Table settings are very important in Korean meals. There are casual, everyday settings and more formal ceremonial settings. For each, all the foods are traditionally put in the centre of the table at the same time so they can all be enjoyed together.
The most common daily setting is called “bapsang” in which a bowl of boiled rice is the main dish served with numerous side dishes, namely, “banchan” This can be further classified as “3-cheop” up to “12-cheop,” indicating the number of side dishes.
During the Joseon Dynasty periods, social class was determined in accordance with how many side dishes were allowed.
There are maps to show the traditional placement of dishes, but the everyday setting is changing as dietary habits change and nowadays women simply do not have the time to conform to the rigid settings.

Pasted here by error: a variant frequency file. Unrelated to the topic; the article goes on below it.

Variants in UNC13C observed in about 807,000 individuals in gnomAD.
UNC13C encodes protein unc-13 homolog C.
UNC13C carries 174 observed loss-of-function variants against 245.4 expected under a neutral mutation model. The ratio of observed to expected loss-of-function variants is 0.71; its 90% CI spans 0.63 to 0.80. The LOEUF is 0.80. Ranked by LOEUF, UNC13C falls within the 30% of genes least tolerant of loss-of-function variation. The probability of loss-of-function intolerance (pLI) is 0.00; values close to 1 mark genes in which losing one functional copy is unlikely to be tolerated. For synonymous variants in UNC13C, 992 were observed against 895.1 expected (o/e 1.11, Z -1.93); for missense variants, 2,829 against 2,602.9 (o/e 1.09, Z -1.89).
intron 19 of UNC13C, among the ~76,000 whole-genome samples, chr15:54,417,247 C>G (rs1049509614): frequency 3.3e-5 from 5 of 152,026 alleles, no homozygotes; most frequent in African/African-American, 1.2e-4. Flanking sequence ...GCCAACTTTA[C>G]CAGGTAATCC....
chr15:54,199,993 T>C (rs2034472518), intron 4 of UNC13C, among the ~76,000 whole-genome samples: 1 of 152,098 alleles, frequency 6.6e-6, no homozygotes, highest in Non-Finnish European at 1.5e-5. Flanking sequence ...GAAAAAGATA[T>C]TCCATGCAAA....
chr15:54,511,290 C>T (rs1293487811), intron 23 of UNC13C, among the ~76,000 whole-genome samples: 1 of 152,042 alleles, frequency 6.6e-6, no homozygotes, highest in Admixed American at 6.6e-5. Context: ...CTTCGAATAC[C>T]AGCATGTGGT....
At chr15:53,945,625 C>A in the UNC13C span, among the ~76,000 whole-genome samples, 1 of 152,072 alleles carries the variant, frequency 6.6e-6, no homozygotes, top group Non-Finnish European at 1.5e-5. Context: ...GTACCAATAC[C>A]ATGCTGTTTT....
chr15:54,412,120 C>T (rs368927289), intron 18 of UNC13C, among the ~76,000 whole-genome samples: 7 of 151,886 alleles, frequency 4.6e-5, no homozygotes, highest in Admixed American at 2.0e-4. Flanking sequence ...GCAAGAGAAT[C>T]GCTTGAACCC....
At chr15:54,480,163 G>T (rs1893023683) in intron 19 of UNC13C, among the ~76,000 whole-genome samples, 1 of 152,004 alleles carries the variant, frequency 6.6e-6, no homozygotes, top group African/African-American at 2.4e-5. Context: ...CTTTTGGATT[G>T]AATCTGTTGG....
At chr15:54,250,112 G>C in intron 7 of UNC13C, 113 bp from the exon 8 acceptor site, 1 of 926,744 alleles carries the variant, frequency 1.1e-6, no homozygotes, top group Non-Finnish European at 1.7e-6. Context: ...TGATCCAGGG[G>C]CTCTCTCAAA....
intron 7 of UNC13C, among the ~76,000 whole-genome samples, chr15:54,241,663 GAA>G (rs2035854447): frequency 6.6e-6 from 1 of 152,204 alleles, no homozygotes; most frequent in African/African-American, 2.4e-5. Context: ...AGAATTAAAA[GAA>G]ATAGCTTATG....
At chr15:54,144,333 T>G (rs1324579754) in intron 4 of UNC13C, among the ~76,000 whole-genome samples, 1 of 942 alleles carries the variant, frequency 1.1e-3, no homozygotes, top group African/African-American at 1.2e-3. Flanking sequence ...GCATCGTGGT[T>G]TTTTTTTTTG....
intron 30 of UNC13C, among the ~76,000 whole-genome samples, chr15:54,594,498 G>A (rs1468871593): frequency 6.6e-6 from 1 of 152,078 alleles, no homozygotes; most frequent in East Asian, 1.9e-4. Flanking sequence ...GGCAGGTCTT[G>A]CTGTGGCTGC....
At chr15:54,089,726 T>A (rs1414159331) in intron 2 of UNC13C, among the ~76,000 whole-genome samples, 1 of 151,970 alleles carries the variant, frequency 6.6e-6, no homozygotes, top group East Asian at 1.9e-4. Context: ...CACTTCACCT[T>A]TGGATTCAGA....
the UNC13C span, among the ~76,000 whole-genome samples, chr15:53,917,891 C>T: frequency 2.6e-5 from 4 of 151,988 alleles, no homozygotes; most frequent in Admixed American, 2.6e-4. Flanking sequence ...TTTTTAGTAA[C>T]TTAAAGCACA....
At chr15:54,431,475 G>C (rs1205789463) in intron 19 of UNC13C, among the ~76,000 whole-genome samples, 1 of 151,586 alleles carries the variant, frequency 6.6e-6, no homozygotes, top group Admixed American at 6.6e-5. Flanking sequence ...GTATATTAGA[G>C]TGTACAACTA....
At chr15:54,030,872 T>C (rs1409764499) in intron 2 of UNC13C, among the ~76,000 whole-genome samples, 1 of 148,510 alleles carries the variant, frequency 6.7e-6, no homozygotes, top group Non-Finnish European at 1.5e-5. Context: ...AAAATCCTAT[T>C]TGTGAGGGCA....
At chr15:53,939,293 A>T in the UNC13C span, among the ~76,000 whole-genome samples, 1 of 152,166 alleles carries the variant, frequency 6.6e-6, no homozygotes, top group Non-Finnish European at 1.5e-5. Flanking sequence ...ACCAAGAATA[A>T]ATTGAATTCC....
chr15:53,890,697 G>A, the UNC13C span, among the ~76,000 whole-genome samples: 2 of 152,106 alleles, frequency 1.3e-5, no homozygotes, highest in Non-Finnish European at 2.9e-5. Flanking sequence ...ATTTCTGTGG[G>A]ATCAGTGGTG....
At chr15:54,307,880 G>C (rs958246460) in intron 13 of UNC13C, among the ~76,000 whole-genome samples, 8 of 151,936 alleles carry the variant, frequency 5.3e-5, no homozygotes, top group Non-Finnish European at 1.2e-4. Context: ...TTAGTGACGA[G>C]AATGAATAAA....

Serving dishes are generally low flat bowls; the chopsticks are flattened metal and take an extra bit of skill to wield successfully. Rice is served in individual bowls; never serve food over the rice before serving.
One very pretty serving bowl is that for “gujeopan”, a deep, octagonal lacquered tray with eight sections around the outside and one in the middle. A variety of colourful vegetables and meats is served in the eight outer sections, while the middle holds dainty, thin pancakes in which the ingredients are rolled.
The ceremonial settings are different for memorable occasions, including a baby’s 100th day celebration, a first birthday, a wedding day and a sixtieth birthday.
Elders are served first and others wait for them to start eating. It is disrespectful to leave the table before the elders after the meal is over. The Korean meal used to be a silent affair, but now food is served communally, and conversation thrives.